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Making an Outline for Your School Essay in APA, MLA or Chicago


Students Making an Outline for a School Essay

One way teachers help students learn to write research papers and essays is by teaching them to write an outline of the paper before they start writing it. Some teachers require an outline submitted prior to approving the topic. It helps both the students and teachers find out if you’re on the right track before going further in your research process.

Although your teacher will tell you what editorial style to use for your essay, such as APA, MLA or Chicago, there are no formatting rules in these styles to create an outline. The outline is not part of the finished product so there is no need to have a certain style for it.

Your teacher may explain how s/he wants it formatted. In that case, follow those instructions.

Even if your teacher doesn’t require an outline, it’s a good idea to create one for yourself.

Organizing Principles

Use one of these organizing principles when you create your outline:

Method:Pairs well with:
ChronologicalHistorical discussions
Cause & EffectHow something that happened created an effect for the next event
ProcessWhat was/were the process/steps?
Deductive LogicMoves from the general to the specific
Inductive LogicMoves from the specific to the general

Formatting an Outline

Even though you don’t have to format your outline in a particular editorial style for publication, there are still basic rules to follow. First of all, there are two types of outlines you can create:

  • Topic Outline
  • Sentence Outline

The outline is for you to organize your thoughts on the research and writing process. Writing a paper or essay is a step by step procedure and the outline keeps you on track. Unless you have a specific assignment, create it so that it works for you. If you feel you can stay on track using short phrases, use the topic outline but if you think you’ll need longer sentences, use the sentence outline.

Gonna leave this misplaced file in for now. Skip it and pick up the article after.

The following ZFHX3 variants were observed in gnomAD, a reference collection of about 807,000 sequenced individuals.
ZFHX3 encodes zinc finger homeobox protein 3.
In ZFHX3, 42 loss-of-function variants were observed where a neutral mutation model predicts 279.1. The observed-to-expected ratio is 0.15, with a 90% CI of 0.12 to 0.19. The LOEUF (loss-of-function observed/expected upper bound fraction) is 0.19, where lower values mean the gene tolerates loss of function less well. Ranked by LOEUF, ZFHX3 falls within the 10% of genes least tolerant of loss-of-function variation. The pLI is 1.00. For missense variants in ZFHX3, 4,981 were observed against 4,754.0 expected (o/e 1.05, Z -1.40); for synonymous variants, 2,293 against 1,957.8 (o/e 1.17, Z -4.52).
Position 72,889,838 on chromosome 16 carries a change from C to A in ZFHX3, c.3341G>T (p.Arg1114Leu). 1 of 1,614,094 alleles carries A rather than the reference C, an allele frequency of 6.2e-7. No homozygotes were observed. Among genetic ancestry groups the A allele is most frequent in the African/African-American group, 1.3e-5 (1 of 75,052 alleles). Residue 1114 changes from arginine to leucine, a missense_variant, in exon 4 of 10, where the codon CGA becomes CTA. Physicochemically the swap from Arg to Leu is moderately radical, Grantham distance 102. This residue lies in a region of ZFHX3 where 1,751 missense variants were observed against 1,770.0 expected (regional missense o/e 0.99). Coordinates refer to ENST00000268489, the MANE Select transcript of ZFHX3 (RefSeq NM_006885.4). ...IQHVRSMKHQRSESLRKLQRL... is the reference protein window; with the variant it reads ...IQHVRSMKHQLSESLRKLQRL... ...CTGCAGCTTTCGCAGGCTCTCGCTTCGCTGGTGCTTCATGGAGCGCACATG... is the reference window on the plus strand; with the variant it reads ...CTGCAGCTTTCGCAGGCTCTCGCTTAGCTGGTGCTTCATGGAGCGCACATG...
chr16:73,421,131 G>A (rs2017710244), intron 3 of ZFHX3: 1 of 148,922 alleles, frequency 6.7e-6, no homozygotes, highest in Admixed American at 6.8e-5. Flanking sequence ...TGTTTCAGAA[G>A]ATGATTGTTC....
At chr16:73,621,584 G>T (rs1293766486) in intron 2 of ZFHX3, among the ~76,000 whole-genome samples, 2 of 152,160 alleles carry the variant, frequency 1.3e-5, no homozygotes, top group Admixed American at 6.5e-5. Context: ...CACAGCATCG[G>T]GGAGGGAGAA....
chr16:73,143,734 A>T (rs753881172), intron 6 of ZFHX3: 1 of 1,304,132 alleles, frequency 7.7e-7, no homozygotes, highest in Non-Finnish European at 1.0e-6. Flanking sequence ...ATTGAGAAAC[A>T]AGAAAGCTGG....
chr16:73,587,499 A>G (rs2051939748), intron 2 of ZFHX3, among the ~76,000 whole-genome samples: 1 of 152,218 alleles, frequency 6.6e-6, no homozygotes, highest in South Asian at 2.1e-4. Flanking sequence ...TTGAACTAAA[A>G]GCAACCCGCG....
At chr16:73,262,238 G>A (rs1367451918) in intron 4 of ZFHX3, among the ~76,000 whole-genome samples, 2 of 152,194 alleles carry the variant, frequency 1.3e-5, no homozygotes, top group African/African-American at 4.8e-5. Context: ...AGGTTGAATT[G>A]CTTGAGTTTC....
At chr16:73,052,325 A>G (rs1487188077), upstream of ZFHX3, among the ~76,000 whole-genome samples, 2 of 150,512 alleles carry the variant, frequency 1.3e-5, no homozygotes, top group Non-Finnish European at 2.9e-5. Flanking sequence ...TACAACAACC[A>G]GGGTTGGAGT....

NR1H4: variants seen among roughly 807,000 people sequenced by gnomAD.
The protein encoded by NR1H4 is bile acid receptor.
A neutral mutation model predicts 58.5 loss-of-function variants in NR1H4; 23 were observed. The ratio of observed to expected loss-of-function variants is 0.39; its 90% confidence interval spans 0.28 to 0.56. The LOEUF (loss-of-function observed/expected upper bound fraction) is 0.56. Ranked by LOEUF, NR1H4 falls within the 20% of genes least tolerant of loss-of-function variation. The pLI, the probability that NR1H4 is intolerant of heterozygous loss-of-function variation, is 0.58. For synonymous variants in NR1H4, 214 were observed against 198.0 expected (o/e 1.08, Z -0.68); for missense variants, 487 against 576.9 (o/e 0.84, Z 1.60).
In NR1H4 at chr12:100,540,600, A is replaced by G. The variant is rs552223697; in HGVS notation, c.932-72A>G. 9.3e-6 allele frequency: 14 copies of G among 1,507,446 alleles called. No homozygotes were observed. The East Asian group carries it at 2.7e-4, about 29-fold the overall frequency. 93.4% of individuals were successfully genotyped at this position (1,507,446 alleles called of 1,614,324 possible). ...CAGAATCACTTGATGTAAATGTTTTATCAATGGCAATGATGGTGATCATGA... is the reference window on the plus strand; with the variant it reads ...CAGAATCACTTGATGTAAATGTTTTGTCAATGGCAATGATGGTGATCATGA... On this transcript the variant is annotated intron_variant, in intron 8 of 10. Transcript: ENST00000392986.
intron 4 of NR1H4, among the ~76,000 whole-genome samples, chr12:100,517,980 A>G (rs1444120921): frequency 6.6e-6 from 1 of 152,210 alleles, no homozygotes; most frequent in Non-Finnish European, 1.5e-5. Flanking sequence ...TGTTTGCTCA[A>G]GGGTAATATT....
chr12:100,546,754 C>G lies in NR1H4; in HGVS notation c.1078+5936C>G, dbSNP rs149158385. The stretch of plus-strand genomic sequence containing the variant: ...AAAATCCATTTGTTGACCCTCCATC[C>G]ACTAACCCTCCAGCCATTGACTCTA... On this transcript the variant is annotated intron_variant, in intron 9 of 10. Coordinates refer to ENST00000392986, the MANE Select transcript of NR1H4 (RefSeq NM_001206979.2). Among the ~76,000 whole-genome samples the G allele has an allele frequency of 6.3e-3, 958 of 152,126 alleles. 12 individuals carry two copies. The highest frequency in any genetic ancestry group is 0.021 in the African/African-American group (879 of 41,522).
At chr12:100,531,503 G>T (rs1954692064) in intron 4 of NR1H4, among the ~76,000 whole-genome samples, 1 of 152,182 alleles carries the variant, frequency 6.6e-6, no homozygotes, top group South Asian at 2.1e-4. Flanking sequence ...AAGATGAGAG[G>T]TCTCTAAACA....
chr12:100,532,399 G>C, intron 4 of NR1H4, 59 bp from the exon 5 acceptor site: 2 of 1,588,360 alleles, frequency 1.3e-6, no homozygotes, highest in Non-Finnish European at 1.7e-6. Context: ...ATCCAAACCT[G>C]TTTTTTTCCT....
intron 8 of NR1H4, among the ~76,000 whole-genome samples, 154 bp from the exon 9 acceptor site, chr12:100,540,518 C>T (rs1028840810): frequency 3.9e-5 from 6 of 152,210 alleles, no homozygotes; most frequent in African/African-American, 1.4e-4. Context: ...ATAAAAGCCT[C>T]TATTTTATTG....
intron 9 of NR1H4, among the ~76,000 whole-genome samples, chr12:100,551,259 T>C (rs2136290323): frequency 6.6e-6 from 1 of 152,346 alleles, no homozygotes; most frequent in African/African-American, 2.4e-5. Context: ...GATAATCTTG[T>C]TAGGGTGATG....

Creating the Outline

The basic format of an outline is using Roman numerals for the main points, then using capital letters, numbers, lower-case letters and so forth for subtopics


I. Introduction

A. Thesis

1. argument

a. proven

B. Purpose Statement

II. Literature Review

A. Existing research

The subtopics lay out the specifics of the larger topics. Create the outline in the same manner as you will your research paper. For example, Section I. will cover your introduction, including your thesis and/or statement of purpose. The final section is your conclusion.

Note: Most software programs, including Word and Google Docs will create the outline for you.


Even though the outline of the paper isn’t published as part of the research paper, it’s an excellent way to develop your essay or research paper. Follow your teacher’s instructions and then use this helpful tool to get you through the research and writing process.

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About the author

Adrienne Mathewson

Adrienne Mathewson, Editor-in-Chief of Bibliography.com, is an Information Professional with a Master’s in Library, Information & Science from San José State University with an emphasis on information literacy and scholarly publishing. She is a certified librarian through the State of New Mexico.

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